. There can be different choices of patch centers, and the degree of freedom can be used to trade off computation cost and denoising performance. Let

be the patch coordinates, composed of the points in .

Iii-B Patch Manifold

Here we adopt the basic assumption in [14] that the patches sample a low-dimensional manifold embedded in , which is called the patch manifold associated with the point cloud . In order to evaluate similarity among patches, we first need to align the patches; i.e., the coordinates should be translated with respect to , so that lies on the origin point . Here we set to be the translated coordinates.

Iii-C Low Dimensional Patch Manifold Prior

The LDMM prior assumes that the solution contains patches that minimize the patch manifold dimension. We can thus formulate a maximum a posteriori (MAP) problem with prior and fidelity terms as follows:


where is a parameter that trades off the prior with the fidelity term, and is the Frobenius norm. Note that given a certain strategy of patch selection, the patches are determined by the point cloud , and the patches in turn define the underlying manifold . Hence we view as a function of .

The patches can be very different and sampled from different manifolds of different dimensions. For example, a flat planar patch belongs to a manifold of lower dimension than a patch with corners. The dimension of the patch manifold, becomes a function of the patch, and the integration of over is used as the regularization term,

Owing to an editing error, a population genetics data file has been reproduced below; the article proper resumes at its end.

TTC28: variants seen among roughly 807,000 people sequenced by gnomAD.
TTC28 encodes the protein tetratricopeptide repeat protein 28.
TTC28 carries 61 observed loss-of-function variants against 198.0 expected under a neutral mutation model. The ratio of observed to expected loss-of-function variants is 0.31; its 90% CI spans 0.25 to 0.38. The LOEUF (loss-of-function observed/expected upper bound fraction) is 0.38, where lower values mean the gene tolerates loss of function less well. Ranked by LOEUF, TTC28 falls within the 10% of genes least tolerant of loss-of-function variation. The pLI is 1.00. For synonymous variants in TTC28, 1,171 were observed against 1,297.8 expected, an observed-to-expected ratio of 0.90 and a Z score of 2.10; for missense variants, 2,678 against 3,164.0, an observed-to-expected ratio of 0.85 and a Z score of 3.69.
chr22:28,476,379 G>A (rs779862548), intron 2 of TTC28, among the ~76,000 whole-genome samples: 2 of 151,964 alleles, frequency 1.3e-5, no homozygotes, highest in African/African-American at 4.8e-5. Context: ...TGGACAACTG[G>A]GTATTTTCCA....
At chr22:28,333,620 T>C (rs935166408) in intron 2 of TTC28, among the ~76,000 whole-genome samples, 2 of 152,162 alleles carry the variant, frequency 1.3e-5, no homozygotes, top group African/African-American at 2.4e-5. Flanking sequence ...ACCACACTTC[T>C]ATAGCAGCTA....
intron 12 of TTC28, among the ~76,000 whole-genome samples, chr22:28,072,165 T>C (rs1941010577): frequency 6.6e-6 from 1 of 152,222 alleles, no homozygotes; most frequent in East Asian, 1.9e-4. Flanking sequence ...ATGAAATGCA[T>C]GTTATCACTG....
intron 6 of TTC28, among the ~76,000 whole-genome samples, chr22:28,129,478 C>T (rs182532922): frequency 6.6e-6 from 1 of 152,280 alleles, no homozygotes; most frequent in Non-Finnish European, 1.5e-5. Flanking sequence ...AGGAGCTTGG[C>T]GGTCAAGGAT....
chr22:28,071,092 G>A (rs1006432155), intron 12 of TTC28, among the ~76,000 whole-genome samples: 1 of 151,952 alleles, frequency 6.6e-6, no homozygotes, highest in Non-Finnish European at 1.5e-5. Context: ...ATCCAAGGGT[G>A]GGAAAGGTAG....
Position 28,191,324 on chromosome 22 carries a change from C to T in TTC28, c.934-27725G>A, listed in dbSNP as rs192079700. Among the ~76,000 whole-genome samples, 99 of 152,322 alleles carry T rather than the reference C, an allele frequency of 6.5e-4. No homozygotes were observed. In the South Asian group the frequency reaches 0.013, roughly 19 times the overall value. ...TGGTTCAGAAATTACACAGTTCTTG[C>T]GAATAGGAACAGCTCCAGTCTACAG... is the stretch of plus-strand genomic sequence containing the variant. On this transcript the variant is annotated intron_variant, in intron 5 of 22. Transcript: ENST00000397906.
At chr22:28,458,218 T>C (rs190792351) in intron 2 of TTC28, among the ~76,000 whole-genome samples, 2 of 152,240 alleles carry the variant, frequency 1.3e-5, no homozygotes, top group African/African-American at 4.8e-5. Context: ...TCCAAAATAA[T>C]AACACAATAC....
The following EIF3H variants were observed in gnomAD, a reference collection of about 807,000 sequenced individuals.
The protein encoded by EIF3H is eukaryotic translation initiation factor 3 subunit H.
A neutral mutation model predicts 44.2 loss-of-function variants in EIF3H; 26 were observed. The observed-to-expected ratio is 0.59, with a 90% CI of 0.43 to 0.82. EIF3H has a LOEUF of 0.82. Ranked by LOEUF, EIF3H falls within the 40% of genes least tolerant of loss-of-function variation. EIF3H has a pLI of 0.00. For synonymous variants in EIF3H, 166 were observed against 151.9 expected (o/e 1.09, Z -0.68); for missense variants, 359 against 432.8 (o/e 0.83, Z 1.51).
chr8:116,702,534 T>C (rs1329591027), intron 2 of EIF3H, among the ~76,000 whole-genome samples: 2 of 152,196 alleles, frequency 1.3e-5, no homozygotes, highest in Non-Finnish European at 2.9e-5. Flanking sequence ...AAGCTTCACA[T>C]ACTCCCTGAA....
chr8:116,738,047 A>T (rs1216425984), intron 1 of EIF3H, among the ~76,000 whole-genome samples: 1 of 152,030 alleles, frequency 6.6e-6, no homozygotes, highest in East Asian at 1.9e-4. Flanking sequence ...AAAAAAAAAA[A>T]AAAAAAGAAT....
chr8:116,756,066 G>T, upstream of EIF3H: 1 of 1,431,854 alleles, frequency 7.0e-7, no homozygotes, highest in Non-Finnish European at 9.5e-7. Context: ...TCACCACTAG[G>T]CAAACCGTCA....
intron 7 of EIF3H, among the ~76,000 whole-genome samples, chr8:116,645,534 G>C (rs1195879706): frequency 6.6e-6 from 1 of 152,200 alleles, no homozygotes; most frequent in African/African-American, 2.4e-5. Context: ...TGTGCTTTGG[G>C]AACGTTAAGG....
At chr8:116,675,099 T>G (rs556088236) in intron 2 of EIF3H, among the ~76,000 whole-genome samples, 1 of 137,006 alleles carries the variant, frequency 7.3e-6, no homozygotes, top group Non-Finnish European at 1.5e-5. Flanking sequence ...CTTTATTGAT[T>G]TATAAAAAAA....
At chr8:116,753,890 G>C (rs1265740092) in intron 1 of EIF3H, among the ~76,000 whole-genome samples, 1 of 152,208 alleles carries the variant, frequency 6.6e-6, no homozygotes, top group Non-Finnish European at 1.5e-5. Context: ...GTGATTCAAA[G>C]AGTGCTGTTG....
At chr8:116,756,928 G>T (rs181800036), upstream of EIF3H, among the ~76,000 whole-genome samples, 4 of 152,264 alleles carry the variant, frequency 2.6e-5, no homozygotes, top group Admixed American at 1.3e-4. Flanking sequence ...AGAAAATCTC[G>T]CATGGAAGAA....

where is the dimension of at . Here is a point on .

Iv Problem Formulation

In this section, we discuss the calculation of the manifold dimension, approximate this computation with the graph Laplacian regularizer, and design a patch distance measure for the graph construction on the manifold.

Iv-a Manifold Dimension Computation

To solve (3), we first need to compute the manifold dimension . Here we overview how the manifold dimension is computed in [14].

First, let , where , be the coordinate functions on the manifold embedded in , i.e.,


According to [14], the dimension of at is given by:


where denotes the gradient of the function on at . Then the integration of over is given as,


Iv-B Discretization of Manifold Dimension

The formula in (6) is a sum of integrals on continuous manifold along different dimensions, but our observations of the manifold are discrete and finite. Hence, we approximate (6) using a discrete graph Laplacian regularizer.